California’s Stem-Cell Quest Races Time As Money Dwindles
Professor Hank Greely is quoted in Bloomberg News on the need to complete research on stem-cell therapy.
California’s government-run stem-cell research agency, on course to spend $3 billion in taxpayer money to find treatments for some of the world’s most intractable diseases, is pushing to accelerate human testing before its financing runs out.
For the California Institute for Regenerative Medicine, time is growing short to fund research that demonstrates the potential of stem cells to help treat everything from cancer to heart disease to spinal cord injuries.
Nevertheless, the stem-cell agency’s go-commercial push is warranted, said Hank Greely, a professor specializing in biomedical issues at Stanford Law School who heads California’s Human Stem Cell Research Advisory Committee.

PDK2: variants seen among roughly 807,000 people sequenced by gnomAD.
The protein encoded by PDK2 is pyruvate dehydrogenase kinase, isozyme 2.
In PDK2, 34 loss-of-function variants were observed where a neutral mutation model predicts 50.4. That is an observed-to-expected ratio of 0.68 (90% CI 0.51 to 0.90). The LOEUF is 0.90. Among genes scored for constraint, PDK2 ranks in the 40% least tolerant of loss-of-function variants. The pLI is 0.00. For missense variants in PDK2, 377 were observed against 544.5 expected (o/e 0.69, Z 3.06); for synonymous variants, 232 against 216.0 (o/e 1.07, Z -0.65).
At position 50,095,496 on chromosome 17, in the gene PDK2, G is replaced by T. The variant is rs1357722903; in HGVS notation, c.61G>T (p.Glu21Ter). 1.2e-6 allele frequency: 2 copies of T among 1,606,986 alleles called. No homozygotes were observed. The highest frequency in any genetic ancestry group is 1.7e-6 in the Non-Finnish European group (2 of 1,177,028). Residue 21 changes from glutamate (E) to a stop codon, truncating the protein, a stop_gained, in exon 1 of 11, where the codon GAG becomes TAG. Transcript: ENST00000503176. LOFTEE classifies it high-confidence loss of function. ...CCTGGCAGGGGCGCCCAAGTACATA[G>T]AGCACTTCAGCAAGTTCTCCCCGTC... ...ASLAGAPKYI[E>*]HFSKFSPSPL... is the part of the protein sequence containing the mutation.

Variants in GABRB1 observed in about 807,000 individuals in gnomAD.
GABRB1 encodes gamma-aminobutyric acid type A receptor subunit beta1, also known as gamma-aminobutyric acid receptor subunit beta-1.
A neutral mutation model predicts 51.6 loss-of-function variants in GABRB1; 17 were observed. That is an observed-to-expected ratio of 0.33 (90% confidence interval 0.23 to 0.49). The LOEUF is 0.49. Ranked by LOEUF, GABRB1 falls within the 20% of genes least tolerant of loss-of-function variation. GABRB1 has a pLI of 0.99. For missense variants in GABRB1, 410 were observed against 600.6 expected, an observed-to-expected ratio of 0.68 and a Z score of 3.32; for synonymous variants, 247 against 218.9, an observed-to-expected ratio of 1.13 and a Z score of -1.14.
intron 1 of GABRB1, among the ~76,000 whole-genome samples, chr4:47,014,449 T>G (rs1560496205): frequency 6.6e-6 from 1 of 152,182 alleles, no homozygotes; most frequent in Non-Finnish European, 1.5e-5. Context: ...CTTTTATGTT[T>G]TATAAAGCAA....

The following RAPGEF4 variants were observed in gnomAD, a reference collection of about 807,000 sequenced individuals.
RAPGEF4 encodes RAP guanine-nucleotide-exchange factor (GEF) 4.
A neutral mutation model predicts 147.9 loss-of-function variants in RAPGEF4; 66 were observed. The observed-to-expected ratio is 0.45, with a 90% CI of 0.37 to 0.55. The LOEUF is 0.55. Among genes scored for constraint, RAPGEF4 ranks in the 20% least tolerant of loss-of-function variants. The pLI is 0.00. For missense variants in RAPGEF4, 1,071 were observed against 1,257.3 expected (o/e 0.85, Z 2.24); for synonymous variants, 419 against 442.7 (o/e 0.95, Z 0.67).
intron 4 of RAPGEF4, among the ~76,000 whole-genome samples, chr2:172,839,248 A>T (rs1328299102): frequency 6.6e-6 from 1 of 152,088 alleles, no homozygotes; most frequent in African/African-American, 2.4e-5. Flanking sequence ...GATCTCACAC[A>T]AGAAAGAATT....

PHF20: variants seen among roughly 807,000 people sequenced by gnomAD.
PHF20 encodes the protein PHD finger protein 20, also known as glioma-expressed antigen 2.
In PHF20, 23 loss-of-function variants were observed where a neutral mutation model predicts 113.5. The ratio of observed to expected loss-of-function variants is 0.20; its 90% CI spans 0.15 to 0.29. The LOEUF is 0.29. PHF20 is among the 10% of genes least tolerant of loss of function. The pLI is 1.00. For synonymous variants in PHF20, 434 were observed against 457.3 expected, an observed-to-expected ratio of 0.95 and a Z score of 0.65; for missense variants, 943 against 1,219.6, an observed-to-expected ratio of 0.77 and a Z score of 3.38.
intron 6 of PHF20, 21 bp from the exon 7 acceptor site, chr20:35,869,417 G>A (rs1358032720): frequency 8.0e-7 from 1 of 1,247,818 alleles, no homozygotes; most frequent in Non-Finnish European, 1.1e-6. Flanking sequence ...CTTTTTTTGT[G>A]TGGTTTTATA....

“It’s bold but I think worth trying,” Greely said.
“Ultimately, companies will be essential to the development and widespread use of cell-based therapies,” he said in an interview. “The ‘valley of death’ between promising research and actual biomedical products is a well-known problem. This seems like a good test of one possible way to avoid it.”